In July 2023, the ABS released a new model to calculate excess deaths, created retrospectively and reporting six monthly, not monthly. How can timely action be taken on excess deaths with such infrequent reporting? This change is very disturbing, given we had excess deaths in the range of 6.9 to 15.9 per cent above the historical average during 2021, 2022 and 2023. The ABS twice changed the way it calculates excess deaths during the pandemic years, and both times it made changes which show fewer excess deaths are estimated.

Interestingly, the new method for excess deaths shows 24,351 excess deaths between January 2020 and 27 August 2023. This is in stark contrast to the previous method, which would have shown 56,058 excess deaths to the end of 2023. This is more than twice the number being reported under the new model. The new model is a complicated mathematical equation, and the ABS have not been transparent about how they chose this new model, which rewrites the history of the pandemic. Is it possible that the model was chosen to minimise excess deaths or to make it appear that all excess deaths were due to COVID?

Australians can handle the truth and they deserve to know.

I’m Russell Broadbent, your Member for Monash

No-one will ever forget the repetitive ‘safe and effective’ claim used to ‘up sell’ Australia’s provisionally approved Covid 19 injections. But I want to remind you that this mantra started from the VERY BEGINNING, when there was no long-term safety data!

Well, now it seems that these claims of ‘safe and effective’ were just that – claims…talking points… some people might even say mis-information.

You see, Astra Zeneca has just admitted in the UK High Court that their Covid vaccines cause blood clots.  They were taken to court by around 50 victims seeking up to 100 million pounds in damages for devastating side effects on blood clotting.

Australians have been reporting adverse reactions to the TGA since early 2021 shortly after the rollout of the Astra Zeneca vaccine.

By July 2021 the TGA was reporting deaths associated with the injections.

The TGA’s own database has received 488 adverse eventnotifications where Astra Zeneca was received by the patient, and later died.

Yet it took until March 2023 to remove the injections from our shelves.   Why?!!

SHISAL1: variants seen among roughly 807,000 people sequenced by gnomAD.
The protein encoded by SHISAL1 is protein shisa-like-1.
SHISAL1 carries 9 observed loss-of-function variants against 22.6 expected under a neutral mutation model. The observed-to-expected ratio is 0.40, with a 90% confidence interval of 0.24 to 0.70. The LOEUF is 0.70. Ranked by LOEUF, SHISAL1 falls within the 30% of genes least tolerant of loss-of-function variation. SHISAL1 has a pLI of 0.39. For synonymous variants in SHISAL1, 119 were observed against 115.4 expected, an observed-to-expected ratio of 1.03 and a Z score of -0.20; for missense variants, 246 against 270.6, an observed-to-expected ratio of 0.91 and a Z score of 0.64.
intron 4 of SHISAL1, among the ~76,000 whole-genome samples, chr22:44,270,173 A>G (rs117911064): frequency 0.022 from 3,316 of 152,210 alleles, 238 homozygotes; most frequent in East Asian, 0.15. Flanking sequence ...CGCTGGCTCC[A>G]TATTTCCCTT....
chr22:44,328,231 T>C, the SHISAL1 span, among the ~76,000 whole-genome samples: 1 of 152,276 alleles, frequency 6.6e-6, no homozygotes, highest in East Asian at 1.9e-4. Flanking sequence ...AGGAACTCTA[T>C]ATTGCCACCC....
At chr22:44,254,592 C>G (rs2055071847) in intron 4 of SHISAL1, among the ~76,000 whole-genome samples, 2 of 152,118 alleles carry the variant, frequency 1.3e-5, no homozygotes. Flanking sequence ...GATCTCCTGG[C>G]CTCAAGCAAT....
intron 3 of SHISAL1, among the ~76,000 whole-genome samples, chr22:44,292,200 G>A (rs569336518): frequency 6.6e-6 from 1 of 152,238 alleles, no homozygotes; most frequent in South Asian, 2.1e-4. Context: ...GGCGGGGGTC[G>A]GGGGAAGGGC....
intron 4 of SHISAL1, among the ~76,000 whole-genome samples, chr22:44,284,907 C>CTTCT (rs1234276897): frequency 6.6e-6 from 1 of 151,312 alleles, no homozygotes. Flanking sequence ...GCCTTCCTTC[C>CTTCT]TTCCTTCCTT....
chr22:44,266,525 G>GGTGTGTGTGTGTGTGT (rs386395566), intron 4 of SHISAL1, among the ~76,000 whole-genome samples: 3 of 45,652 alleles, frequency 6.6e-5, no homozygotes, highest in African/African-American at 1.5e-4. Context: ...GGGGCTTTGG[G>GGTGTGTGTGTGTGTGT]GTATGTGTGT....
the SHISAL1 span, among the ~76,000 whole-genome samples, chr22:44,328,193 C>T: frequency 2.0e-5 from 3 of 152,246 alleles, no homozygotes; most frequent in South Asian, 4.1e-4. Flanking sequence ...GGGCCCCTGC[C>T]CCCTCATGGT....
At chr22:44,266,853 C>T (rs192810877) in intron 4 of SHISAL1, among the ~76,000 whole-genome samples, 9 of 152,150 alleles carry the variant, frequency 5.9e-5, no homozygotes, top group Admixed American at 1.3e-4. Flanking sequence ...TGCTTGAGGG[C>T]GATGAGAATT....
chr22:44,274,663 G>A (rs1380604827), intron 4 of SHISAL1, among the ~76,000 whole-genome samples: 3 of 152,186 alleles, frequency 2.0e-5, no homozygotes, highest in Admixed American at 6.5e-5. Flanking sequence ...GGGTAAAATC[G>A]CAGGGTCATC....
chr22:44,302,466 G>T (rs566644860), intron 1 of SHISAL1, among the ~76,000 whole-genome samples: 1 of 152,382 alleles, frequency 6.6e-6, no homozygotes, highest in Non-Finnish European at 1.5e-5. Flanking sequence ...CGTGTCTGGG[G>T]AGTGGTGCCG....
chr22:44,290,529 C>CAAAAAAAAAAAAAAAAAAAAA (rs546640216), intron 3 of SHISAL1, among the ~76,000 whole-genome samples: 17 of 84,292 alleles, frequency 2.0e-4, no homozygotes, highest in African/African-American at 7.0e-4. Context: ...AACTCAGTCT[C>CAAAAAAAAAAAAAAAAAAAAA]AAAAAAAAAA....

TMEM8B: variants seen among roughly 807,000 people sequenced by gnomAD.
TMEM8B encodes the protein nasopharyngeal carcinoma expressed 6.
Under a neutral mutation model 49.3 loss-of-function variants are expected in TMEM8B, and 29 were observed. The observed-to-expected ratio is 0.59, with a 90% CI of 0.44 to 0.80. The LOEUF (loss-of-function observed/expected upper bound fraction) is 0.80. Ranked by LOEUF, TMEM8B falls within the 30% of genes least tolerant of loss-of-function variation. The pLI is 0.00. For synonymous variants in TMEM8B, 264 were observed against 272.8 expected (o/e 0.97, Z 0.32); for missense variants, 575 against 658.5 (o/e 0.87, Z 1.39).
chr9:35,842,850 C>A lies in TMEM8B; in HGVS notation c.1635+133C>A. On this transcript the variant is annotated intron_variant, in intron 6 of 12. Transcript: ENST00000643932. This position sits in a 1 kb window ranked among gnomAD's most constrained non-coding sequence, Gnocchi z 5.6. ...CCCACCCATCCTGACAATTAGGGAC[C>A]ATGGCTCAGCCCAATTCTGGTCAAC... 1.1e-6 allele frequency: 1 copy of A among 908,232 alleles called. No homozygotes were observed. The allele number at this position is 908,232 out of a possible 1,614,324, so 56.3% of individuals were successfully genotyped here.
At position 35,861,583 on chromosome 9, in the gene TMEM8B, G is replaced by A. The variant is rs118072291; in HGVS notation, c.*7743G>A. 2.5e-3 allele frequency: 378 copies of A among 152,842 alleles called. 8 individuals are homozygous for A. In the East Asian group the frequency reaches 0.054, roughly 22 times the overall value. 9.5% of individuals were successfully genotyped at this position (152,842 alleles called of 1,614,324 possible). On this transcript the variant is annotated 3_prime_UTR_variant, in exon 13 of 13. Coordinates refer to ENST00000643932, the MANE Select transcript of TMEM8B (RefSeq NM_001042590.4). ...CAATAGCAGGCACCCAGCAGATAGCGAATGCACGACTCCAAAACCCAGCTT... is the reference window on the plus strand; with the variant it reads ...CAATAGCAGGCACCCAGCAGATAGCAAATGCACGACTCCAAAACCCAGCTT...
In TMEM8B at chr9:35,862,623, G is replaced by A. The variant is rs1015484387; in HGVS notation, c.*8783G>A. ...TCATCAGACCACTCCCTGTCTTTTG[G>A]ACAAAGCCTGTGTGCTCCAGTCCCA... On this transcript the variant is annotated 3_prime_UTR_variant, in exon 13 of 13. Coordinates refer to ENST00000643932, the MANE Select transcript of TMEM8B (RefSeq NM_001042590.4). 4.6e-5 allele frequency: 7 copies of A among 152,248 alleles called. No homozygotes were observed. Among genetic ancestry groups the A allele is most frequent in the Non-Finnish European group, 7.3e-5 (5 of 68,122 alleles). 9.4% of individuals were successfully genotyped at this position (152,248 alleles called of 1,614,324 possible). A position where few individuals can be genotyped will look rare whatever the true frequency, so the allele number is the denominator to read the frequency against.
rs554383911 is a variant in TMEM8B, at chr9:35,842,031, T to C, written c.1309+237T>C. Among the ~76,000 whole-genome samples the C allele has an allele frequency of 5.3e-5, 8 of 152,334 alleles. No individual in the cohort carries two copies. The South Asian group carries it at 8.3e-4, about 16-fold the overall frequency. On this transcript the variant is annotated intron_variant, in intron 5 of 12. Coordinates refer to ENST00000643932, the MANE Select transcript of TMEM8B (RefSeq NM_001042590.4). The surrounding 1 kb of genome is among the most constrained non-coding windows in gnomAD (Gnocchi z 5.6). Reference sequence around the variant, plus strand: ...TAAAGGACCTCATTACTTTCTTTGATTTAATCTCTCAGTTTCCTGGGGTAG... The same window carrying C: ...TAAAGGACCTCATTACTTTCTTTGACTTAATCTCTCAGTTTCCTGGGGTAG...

Surely, this vaccine should have been suspended immediately when the alarm was first raised…Rather than injecting and mandating healthy people with something that might devastate or end their lives?

This week the company withdrew the vaccine globally, citing ‘commercial reasons’ while claiming it has saved over six million lives!

I say show me the evidence!

And that’s Justice.  As I see it.

Link to news article here: https://www.theaustralian.com.au/breaking-news/astrazeneca-vaccine-withdrawn-after-fatal-blood-clot-revelation/news-story/b94023cfa237c74b26fc329855c6b51a

How many more stories like Tania’s will it take for government authorities and medical practitioners in this nation to show up, believe and respond compassionately to the vax injured?  

Listen to Tania’s brave call for government officials and bureaucrats to listen to and believe the desperate pleas for help from the thousands of vaccine injured Australians.

Not much shocks me, but this week I talked with a woman who told me her story of suffering and distress as a result of being severely injured by the Covid vaccine. Her story shocked me and should shock every Australian.

Verity is a 52-year-old highly trained midwife in my electorate. Well, she was a midwife until 2021 when she was coerced into being jabbed in order to keep her job. The perverse irony is that the jab injured her so severely that she is no longer able to work as a nurse or midwife.

What makes this story even more distressing is that this highly qualified and experienced midwife was reluctant to be jabbed from the start!

Verity has given me permission to share her story and I will introduce you to her on this program in the next couple of weeks.

In 2021, Verity was a fit and healthy woman. She ran several times a week and participated in park runs and half and full marathons around Australia and New Zealand.

Each time she came on shift at the hospital, Verity was asked whether she’d had her vaccine. When she tried to discuss her concerns with fellow work colleagues, she was told by her manager quote - “Keep your mouth shut and follow the rules”.

Verity told me that a few weeks later she was informed by a work colleague that she was no longer allowed on the premises. HR told her she was immediately stood down and within a few weeks her employment was terminated due to orders from the Chief Health Officer.

Verity was completely cut off from work colleagues. She received no support from anyone despite having worked tirelessly at the hospital for around 10 years…including night duties, public holidays and over Christmas and New Year. 

This is a nurse who like every other nurse in 2020, prior to the vaccines, put herself and health on the line to care for patients. Quite literally, she went from hero to zero overnight. 

With no job, no leave, no income and no job prospects – not even as a cleaner, Verity had no choice but to submit to the experimental injection. Because some other family members had experienced reactions to the Pfizer and AstraZeneca vaccines, Verity was determined to wait until Novavax became available. Together with her son, (who incidentally had a cardiac history but couldn’t continue his university course without being jabbed), Verity went and got the Novavax. 

If you think her story is horrendous so far, what happened next is heartbreaking.

Verity immediately started experiencing joint pain in her left arm, then her legs along with “skin crawling sensations all over her body and head which intensified, followed by extreme itchiness like an allergic reaction.

When she consulted a doctor he said, “I don’t know anything about Novavax but if you’re having effects, it means its working!”. He also called her an anti-vaxxer! Which clearly, she wasn’t because she’d submitted to the damn jab.

How dare he?

Two weeks later Verity continued to struggle with severe chest pains. She couldn’t breathe properly which was exacerbated by lying down.